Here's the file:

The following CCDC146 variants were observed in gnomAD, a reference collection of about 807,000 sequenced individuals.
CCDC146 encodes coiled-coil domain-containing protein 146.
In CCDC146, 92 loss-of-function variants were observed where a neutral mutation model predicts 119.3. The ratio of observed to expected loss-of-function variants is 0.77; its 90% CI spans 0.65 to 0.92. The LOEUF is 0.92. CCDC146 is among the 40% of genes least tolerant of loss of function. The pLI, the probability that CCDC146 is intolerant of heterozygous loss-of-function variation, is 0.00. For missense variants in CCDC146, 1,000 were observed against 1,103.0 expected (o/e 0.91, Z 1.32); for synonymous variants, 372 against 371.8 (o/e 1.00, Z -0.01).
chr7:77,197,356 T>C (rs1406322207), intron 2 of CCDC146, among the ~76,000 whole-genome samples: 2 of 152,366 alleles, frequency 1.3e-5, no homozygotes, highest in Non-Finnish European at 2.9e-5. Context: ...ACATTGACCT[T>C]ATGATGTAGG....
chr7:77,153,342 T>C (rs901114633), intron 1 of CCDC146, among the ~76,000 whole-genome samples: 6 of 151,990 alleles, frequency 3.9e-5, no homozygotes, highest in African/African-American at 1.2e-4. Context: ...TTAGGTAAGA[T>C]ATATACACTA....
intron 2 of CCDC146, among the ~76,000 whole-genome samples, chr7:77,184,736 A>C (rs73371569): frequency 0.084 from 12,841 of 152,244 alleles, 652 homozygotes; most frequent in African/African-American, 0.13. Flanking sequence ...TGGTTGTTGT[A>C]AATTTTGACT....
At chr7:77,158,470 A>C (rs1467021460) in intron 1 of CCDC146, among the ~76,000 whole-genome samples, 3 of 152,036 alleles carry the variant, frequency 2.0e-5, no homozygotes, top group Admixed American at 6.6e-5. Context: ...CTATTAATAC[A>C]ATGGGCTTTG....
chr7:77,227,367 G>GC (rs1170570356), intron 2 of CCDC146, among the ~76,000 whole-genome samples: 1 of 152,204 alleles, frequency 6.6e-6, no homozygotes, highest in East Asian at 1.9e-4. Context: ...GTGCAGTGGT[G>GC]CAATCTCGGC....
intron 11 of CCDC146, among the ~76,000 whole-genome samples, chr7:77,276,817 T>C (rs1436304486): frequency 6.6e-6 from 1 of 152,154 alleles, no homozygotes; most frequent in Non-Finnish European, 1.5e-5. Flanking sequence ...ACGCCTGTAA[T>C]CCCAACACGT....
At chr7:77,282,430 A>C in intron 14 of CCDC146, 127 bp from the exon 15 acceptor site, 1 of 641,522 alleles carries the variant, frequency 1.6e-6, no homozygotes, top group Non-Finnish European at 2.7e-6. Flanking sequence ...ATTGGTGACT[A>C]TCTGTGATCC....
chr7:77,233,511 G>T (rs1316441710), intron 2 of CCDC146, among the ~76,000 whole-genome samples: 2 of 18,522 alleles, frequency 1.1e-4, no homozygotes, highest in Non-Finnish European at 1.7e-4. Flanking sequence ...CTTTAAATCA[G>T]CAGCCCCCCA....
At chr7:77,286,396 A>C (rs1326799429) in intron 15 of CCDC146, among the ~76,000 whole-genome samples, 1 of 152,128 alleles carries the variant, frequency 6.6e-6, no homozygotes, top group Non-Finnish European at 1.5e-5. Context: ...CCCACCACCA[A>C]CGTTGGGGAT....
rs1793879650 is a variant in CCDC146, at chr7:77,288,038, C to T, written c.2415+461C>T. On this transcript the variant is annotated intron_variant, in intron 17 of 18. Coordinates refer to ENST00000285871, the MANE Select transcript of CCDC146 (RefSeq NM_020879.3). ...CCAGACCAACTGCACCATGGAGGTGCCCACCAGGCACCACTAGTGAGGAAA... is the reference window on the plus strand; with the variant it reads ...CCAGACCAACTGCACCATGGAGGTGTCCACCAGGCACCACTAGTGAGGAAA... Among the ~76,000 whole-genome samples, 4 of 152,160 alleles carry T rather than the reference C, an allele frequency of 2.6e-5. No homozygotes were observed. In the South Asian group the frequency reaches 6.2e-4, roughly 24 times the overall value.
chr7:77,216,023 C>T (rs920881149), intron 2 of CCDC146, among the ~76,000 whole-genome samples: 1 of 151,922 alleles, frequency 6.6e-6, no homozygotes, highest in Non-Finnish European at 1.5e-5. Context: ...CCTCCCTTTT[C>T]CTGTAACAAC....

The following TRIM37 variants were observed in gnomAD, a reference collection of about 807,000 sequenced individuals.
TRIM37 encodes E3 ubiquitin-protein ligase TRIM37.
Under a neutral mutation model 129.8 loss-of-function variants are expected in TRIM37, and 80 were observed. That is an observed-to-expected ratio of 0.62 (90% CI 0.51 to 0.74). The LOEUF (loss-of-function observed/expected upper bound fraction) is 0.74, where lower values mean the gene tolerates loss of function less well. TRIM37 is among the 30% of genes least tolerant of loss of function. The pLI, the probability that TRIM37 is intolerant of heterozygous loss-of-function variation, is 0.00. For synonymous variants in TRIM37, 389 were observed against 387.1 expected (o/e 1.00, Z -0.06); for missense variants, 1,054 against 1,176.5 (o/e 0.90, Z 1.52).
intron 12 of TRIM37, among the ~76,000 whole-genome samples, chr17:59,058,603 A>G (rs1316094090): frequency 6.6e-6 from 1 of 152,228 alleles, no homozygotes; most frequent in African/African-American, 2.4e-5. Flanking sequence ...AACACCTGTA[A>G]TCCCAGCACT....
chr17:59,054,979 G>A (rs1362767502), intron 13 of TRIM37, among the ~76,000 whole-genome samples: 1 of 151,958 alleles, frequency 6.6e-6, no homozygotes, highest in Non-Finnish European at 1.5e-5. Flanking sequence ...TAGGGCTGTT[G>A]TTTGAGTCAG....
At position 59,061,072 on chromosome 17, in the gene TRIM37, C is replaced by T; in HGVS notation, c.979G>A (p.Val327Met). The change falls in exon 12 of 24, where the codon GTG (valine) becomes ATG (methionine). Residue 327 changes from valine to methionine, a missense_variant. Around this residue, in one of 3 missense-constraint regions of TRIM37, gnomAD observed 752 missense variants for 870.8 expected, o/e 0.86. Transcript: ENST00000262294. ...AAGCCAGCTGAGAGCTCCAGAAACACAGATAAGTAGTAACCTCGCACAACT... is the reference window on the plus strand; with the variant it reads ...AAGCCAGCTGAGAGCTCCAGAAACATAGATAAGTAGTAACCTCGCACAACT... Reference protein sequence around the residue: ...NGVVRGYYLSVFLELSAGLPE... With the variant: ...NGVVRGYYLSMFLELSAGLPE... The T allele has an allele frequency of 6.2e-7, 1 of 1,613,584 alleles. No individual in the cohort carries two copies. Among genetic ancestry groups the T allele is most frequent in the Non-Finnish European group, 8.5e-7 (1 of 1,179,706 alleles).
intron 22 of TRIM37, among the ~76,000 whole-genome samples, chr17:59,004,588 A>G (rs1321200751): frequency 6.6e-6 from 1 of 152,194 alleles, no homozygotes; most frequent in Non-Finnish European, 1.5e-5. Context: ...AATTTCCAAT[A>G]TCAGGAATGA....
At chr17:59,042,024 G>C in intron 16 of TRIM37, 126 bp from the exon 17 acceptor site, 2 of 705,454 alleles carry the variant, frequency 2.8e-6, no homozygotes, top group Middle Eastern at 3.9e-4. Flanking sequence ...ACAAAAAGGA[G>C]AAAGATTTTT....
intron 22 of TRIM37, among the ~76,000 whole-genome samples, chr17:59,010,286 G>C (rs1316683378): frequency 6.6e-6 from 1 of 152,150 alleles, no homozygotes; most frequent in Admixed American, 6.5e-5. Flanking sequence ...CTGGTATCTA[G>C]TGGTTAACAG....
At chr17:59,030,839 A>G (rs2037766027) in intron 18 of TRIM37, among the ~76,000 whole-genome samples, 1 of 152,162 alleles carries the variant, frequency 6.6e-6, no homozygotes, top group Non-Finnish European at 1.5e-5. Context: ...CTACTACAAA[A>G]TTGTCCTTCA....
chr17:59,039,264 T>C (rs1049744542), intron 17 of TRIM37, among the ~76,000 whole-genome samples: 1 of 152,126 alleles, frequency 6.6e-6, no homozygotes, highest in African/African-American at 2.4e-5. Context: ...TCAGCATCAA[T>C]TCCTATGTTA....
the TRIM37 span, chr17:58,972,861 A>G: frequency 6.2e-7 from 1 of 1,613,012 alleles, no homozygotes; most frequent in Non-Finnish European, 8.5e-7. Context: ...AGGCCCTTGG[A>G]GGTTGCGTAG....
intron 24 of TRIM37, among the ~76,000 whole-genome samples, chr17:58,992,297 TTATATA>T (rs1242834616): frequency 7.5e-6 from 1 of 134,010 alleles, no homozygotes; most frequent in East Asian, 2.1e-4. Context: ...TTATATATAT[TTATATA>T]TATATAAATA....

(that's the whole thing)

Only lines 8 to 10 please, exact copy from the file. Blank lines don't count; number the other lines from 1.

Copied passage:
chr7:77,227,367 G>GC (rs1170570356), intron 2 of CCDC146, among the ~76,000 whole-genome samples: 1 of 152,204 alleles, frequency 6.6e-6, no homozygotes, highest in East Asian at 1.9e-4. Context: ...GTGCAGTGGT[G>GC]CAATCTCGGC....
intron 11 of CCDC146, among the ~76,000 whole-genome samples, chr7:77,276,817 T>C (rs1436304486): frequency 6.6e-6 from 1 of 152,154 alleles, no homozygotes; most frequent in Non-Finnish European, 1.5e-5. Flanking sequence ...ACGCCTGTAA[T>C]CCCAACACGT....
At chr7:77,282,430 A>C in intron 14 of CCDC146, 127 bp from the exon 15 acceptor site, 1 of 641,522 alleles carries the variant, frequency 1.6e-6, no homozygotes, top group Non-Finnish European at 2.7e-6. Flanking sequence ...ATTGGTGACT[A>C]TCTGTGATCC....